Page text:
0:37 [m. 42]--A transition in triplets rises to a repeat of the opening, whose first note enters before the downbeat as a syncopation and is held through the bar.  The imitative note is also held exactly the same length, entering with the upbeat instead of after it.  The seventh “statement” is moved lower and leads to a resolving eighth statement that arrives on C major.  This is followed by two (still imitative) octave C's that transition into the B section.
B Section--A-flat Major (at the beginning--the key is “relative” to F minor)
0:54 [m. 58]--Unlike the A section, the B section is completely canonic at the octave, including all the harmonies.  Each canonic “statement” consists of a chord, its imitation, then a single note (lower than the second chord) and its imitation.  There are five phrases, each consisting of four “statements” of this pattern.  Hand-crossing is used throughout the B section.  From the second phrase, the initial chord obtains a second “resolving” note.  The section is as subdued as A, but not as agitated.  Pedaling is carefully indicated to make the canons sound clearly.  As in the A section, phrases begin on upbeats.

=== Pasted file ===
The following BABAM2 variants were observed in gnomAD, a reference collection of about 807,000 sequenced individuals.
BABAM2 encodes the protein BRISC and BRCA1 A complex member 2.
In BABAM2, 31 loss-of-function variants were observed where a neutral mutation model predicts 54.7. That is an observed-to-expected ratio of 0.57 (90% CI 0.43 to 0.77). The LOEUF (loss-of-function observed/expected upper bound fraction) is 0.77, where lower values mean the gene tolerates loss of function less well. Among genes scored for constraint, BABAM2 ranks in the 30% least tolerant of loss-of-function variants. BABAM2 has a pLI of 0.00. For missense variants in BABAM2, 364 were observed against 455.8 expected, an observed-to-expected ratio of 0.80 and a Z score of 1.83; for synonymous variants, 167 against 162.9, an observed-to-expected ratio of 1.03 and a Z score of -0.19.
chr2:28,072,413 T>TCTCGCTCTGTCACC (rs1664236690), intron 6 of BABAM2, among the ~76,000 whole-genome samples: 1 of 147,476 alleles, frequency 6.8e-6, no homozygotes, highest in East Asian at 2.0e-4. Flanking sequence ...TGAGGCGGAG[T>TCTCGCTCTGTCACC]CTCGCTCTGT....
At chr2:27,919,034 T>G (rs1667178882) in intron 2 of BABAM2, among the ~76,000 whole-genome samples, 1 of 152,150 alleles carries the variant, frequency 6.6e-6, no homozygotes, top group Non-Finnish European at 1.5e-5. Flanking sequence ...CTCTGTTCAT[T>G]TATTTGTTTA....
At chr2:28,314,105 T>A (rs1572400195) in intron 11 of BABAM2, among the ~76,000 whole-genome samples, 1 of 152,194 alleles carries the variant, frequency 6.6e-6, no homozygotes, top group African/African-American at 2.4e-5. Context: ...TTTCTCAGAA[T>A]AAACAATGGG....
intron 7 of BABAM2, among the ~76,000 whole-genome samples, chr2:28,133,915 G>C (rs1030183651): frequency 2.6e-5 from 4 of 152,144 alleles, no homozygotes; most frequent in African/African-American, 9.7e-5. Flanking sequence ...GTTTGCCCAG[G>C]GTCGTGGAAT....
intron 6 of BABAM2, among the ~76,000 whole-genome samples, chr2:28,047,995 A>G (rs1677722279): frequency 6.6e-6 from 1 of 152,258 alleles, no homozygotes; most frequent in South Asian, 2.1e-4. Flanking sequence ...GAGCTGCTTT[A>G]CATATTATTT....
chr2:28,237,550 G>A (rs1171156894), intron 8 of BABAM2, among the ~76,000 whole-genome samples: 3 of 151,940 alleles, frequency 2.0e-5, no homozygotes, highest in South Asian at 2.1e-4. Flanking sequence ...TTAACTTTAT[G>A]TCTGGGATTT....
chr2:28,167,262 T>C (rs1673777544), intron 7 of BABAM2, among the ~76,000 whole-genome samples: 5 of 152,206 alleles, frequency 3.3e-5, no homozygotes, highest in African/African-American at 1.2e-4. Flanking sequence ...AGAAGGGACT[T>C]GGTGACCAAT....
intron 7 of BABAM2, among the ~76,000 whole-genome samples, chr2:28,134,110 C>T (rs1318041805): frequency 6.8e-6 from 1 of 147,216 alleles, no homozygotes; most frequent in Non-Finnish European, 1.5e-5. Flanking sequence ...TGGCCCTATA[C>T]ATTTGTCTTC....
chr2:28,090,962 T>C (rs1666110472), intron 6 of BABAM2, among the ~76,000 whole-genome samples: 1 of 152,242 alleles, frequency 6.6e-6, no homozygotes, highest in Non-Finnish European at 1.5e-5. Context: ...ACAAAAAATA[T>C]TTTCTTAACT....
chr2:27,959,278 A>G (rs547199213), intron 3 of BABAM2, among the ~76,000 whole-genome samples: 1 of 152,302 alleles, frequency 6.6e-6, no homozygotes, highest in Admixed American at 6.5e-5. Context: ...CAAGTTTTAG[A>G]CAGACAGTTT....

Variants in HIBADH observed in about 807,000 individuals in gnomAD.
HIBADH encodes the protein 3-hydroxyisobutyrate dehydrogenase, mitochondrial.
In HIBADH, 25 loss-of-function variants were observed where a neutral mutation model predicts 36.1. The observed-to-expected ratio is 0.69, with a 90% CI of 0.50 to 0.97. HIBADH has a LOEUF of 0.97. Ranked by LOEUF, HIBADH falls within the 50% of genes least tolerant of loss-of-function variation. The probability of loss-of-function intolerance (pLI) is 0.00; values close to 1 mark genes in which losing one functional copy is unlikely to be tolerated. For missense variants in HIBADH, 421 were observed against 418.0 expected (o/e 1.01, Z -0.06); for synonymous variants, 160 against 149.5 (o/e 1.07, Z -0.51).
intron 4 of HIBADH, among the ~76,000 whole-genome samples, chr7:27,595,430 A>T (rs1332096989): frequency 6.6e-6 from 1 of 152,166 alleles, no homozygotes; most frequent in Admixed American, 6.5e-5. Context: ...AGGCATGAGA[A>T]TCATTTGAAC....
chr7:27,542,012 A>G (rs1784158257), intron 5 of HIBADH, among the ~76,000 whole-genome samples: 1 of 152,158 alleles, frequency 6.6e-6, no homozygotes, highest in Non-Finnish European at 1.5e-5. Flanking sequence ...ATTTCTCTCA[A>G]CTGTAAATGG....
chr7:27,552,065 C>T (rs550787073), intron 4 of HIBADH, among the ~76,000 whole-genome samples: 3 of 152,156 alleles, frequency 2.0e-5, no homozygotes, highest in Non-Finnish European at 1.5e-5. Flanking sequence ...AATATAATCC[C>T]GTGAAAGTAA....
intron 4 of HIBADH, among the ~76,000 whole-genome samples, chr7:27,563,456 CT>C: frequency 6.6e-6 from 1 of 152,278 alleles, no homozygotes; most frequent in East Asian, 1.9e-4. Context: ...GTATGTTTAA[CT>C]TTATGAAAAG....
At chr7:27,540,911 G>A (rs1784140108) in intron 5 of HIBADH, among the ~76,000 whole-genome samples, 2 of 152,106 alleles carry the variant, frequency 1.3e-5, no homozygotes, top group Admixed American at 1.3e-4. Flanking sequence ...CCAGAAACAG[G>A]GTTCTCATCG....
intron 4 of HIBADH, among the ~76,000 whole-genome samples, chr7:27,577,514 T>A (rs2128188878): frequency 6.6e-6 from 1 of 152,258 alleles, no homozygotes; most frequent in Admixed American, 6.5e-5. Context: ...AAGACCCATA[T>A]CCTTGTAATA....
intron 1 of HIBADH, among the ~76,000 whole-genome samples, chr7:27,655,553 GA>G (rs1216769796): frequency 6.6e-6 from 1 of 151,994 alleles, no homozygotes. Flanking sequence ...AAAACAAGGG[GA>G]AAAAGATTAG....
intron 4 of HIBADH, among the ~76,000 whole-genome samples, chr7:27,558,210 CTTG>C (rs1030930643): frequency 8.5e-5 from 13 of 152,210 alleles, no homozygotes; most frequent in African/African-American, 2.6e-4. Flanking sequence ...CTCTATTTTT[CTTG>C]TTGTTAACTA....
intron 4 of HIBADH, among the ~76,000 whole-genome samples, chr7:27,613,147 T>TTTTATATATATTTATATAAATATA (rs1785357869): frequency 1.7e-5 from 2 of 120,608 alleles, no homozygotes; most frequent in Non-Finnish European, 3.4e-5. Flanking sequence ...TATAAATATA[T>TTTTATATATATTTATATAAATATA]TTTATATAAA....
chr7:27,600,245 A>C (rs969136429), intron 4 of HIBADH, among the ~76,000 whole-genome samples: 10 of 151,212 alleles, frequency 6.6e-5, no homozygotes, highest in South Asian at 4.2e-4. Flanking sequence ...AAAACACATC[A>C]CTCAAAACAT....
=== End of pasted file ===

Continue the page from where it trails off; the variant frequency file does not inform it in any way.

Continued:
1:02 [m. 66]--Second phrase.  It includes a few chromatic notes.
1:10 [m. 74]--Third phrase.  It makes a colorful shift to E major.
1:19 [m. 82]--Fourth phrase.  It makes another shift, this time to C major.
1:27 [m. 90]--Fifth phrase.  Similar to the second phrase, and still in C major.  There is some slight intensification.
1:36 [m. 98]--Transition back to greatly varied A’ section.  It is based on the last phrase of B, but abandons the total canon.  There continues to be a very strict two-voice canon, but instead of always being at the top of the left hand, the imitating voice is buried in the middle of the thick texture, still at the distance of one beat (which continues through much of the A’ section).  The music moves back to F minor.  At this point, it becomes suddenly and violently passionate, and will remain so until the very end.  Duple rhythms appear again (including the rapid arpeggios at the end), and are again juxtaposed with the more prevalent triplets.